18:28 GMT20 June 2021
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    The 1921 Tulsa Race Massacre, which claimed the lives of at least 36 people, is believed to be the single worst episode of racial violence in the history of the United States.

    Organisers have abruptly cancelled a key event to commemorate the 1921 Tulsa Race Riot in Oklahoma after legal representatives for survivors demanded more money than previously agreed.

    The 31 May "Remember and Rise" ceremony was put on hold when organisers referred to "unexpected circumstances with entertainers and speakers".

    Kevin Matthews, chairman of the Tulsa Race Massacre Centennial Commission, for his part, told reporters on Friday that lawyers for the three living survivors approached the commission over including them in the ceremony in return for $100,000 each and a $2 million seed gift to a reparations coalition fund.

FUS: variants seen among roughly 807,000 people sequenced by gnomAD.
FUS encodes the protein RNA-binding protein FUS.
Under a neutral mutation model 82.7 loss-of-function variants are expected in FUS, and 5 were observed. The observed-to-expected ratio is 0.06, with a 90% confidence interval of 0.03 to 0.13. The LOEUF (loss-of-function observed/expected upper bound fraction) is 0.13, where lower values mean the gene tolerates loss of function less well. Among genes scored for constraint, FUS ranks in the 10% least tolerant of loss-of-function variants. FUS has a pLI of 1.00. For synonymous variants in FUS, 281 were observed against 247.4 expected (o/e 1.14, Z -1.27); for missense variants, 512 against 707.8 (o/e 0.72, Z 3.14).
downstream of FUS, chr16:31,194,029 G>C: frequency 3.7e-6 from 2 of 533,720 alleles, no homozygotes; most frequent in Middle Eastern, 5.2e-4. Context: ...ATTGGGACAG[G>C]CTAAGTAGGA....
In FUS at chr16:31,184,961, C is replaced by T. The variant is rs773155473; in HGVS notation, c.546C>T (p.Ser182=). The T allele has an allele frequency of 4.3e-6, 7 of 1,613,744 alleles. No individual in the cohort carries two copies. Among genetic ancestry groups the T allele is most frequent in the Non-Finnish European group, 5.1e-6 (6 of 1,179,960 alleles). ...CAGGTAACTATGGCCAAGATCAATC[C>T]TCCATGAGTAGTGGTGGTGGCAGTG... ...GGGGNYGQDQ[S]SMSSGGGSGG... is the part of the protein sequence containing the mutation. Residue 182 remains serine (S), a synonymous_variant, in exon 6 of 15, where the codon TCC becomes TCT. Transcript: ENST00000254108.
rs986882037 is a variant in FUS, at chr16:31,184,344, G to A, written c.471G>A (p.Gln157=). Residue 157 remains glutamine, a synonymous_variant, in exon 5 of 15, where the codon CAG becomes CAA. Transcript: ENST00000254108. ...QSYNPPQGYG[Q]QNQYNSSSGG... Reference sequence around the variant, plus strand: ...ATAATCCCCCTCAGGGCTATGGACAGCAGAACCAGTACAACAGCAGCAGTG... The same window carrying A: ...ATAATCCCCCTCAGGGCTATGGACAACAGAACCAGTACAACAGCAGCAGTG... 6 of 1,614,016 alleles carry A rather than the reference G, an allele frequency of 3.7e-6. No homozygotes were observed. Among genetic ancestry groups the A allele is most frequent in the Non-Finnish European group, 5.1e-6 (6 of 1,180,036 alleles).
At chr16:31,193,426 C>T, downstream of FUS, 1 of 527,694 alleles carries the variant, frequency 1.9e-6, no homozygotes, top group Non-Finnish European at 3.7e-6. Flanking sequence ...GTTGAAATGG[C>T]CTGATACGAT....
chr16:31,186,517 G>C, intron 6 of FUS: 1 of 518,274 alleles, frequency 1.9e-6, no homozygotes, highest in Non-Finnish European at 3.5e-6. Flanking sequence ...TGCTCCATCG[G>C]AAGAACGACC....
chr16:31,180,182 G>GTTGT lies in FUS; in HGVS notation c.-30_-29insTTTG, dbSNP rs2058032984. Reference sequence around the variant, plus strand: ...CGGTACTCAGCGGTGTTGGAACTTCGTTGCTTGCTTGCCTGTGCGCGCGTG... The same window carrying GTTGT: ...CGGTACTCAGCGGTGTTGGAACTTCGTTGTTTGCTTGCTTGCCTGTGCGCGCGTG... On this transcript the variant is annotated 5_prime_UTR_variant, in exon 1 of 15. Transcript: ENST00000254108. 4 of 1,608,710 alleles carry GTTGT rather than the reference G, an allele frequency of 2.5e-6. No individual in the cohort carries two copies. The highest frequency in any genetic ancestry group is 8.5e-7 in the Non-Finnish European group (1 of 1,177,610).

After the parties agreed to those terms, the lawyers suddenly decided to request $1 million for each and $50 million for the fund, according to Matthews.

    "We could not respond to those demands. I absolutely want the survivors, the descendants and others that were affected to be financially and emotionally supported, however this is not the way, no matter how hard we try", he underscored.

    The commission voiced hope that it would reschedule the "Remember and Rise" ceremony, which was earlier touted as a cornerstone event featuring Grammy Award-winning singer John Legend and influential House Democrat Stacey Abrams.

    On 31 May 1921, a white mob attacked black residents of the Tulsa neighbourhood of Greenwood, which was sparked by allegations that an African American teenager had sexually assaulted a white woman.

    Over 1,200 businesses across 35 blocks were destroyed, and more than 10,000 people lost their homes. While only 39 dead black men were confirmed by a state commission in 2001, there are rumours that African Americans were dumped in mass graves as authorities sought to cover up the hate crime.

    In 2019, Scott Hammerstedt, a senior researcher at the Oklahoma Archeological Survey, told CBS News that his team discovered what they believe to be an underground pit large enough to contain up to 100 bodies, thought to be the victims of the Tulsa Riot Massacre.

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